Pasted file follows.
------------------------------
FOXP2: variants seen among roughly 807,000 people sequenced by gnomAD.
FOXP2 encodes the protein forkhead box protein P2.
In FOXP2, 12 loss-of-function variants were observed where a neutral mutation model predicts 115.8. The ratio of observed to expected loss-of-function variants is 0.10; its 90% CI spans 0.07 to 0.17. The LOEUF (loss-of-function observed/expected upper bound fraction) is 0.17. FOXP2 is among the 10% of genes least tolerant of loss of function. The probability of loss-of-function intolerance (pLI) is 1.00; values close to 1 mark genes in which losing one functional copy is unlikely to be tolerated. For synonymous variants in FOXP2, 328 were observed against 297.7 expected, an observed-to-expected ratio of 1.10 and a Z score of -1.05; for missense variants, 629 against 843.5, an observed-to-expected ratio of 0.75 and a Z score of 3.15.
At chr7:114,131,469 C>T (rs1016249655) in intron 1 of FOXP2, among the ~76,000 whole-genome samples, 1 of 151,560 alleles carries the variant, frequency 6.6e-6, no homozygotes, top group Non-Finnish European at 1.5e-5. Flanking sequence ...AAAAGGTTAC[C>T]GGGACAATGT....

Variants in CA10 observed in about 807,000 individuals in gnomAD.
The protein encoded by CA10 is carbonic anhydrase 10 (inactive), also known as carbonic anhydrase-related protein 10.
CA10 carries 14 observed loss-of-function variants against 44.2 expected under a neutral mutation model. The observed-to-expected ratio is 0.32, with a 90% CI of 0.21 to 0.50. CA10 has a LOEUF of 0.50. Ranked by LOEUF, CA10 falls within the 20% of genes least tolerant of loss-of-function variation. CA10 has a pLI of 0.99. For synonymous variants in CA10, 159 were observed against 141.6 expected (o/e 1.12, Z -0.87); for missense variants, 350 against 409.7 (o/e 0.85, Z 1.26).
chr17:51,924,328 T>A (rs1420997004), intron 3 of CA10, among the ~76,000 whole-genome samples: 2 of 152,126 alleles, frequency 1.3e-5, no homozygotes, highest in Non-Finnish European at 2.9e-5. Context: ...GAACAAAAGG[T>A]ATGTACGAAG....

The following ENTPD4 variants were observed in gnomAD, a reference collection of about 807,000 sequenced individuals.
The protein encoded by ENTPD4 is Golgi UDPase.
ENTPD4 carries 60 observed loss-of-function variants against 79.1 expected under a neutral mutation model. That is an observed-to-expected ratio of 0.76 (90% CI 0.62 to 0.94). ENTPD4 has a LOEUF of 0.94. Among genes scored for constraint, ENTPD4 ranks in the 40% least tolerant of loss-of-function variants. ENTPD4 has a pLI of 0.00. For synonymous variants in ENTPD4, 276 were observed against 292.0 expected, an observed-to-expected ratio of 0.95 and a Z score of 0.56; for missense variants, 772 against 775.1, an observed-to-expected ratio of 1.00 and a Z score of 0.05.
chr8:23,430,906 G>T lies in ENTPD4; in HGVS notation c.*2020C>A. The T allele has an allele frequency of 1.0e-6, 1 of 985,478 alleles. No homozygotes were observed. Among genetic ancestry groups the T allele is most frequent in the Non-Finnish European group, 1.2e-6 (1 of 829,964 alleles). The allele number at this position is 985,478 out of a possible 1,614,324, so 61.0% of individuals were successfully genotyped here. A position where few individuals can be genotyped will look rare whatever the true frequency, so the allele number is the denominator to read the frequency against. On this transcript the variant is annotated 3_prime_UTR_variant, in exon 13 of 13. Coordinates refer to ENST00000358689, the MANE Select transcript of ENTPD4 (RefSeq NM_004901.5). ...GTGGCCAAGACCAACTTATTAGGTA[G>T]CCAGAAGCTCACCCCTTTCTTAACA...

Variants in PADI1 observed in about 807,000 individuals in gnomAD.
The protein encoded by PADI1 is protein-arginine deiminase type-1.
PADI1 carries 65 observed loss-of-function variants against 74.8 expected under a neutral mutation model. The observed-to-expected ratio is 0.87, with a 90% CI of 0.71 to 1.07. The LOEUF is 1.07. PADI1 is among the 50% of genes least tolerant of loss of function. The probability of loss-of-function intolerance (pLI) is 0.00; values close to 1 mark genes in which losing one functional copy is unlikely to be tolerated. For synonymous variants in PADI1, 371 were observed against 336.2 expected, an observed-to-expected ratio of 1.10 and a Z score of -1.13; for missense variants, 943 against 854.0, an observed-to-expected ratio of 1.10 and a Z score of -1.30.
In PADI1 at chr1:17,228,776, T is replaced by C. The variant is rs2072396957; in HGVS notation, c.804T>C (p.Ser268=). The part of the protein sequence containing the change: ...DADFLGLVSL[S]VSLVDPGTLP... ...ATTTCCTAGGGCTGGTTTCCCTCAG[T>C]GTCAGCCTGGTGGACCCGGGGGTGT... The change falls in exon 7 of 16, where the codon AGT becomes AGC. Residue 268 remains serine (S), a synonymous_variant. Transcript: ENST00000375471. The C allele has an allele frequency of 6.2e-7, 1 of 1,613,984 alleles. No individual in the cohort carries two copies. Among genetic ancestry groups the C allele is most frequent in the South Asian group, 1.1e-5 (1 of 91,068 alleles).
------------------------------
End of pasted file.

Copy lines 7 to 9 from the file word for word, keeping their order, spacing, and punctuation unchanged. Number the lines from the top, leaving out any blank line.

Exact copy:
CA10 carries 14 observed loss-of-function variants against 44.2 expected under a neutral mutation model. The observed-to-expected ratio is 0.32, with a 90% CI of 0.21 to 0.50. CA10 has a LOEUF of 0.50. Ranked by LOEUF, CA10 falls within the 20% of genes least tolerant of loss-of-function variation. CA10 has a pLI of 0.99. For synonymous variants in CA10, 159 were observed against 141.6 expected (o/e 1.12, Z -0.87); for missense variants, 350 against 409.7 (o/e 0.85, Z 1.26).
chr17:51,924,328 T>A (rs1420997004), intron 3 of CA10, among the ~76,000 whole-genome samples: 2 of 152,126 alleles, frequency 1.3e-5, no homozygotes, highest in Non-Finnish European at 2.9e-5. Context: ...GAACAAAAGG[T>A]ATGTACGAAG....

The following ENTPD4 variants were observed in gnomAD, a reference collection of about 807,000 sequenced individuals.